Well, that’s a terrible episode that’s passed. Today we’re gathered together on a joyful occasion – the biblical Feast of Trumpets – a festival to celebrate the return of our hero, Jesus Christ. He’s a hero because He sacrificed His life to save all the world. On this symbolic day, He will return to claim that which He saved – both the church and the entire world. It’s by His courageous sacrifice that we can know about this day and prepare for His return and inclusion in His plan.

There are many aspects to this Festival of Trumpets that we could discuss. We could talk about the symbolism of the trumpet and the Old Testament observance. We could talk about prophecies and events leading up to Christ’s return. We could talk about the events that take place when He returns. We could talk about the nature of the government that He’s going to establish. Or we could talk about our role once He returns. All of these would be worthy topics for today, of course, but, instead of these topics, I would like to focus your mind with mine today on what it takes to be a saint.

Before we can be part of all the things that He promises, we have to do our part, don’t we? How does Flight 93 fit into that theme? Well, we’ll learn more about that as we go. I’m going to tie it in for you. But let’s ask this question: What is a saint?

Let’s turn to Revelation 11:15. Let’s enter the flow of end-time events with the sounding of the seventh trumpet, which signals Christ’s return. Let’s look at Revelation 11:15.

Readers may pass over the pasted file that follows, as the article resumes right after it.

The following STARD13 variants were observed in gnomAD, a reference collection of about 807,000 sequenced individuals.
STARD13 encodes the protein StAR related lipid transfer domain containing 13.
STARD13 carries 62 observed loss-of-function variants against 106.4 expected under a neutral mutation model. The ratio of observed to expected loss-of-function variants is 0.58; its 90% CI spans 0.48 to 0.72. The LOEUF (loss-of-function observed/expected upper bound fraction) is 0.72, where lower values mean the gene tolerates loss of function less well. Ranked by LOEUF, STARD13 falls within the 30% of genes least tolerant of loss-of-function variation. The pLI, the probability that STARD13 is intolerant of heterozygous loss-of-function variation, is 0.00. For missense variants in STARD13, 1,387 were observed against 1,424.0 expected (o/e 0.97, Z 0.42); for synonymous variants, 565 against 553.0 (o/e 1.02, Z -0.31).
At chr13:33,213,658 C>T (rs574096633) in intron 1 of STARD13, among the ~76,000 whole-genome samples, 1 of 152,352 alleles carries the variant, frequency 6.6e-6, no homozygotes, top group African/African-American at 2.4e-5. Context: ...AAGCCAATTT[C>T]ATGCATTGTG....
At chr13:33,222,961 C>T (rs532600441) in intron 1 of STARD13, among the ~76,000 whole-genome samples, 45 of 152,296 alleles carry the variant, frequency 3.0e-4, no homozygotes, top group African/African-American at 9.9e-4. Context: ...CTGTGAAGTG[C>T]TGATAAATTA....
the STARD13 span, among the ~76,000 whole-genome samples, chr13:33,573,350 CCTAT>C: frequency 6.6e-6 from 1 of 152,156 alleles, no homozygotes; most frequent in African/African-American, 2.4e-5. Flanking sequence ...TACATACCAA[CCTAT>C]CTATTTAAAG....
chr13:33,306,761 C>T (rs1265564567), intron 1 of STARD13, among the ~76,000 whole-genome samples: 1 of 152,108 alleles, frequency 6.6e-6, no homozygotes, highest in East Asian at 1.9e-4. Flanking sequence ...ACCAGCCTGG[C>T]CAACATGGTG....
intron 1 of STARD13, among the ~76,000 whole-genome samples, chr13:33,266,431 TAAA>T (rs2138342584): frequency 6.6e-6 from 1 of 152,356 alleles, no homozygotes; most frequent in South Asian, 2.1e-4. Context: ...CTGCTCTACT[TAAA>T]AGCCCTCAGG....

Revelation 11:15 – Then the seventh angel blew his trumpet, and there were loud voices in heaven, saying, “The kingdoms of this world have become the kingdom of our Lord and of His Christ, and He shall reign forever and ever.” And the twenty-four elders, who sat on the thrones before God, fell on their faces and worshipped God, saying, “We give thanks to You, Lord God Almighty, who is, and who was, for You have taken Your great power and have begun to reign. The nations raged, but Your wrath came, and the time for the dead to be judged, and the time for the rewarding of Your servants, the prophets and saints and those who fear Your name, both small and great, and for destroying the destroyers of the earth.”

The New Testament tells us, that when Christ returns, the saints – that is, the church – will be with Him, in resurrected form, to receive the reward of eternal life and participation of Christ’s work on the earth with Him.

But let’s jump back in time now and see what the saints – the church – has seen and endured prior to Christ’s return. Let’s look in Revelation 13, beginning in verse 1.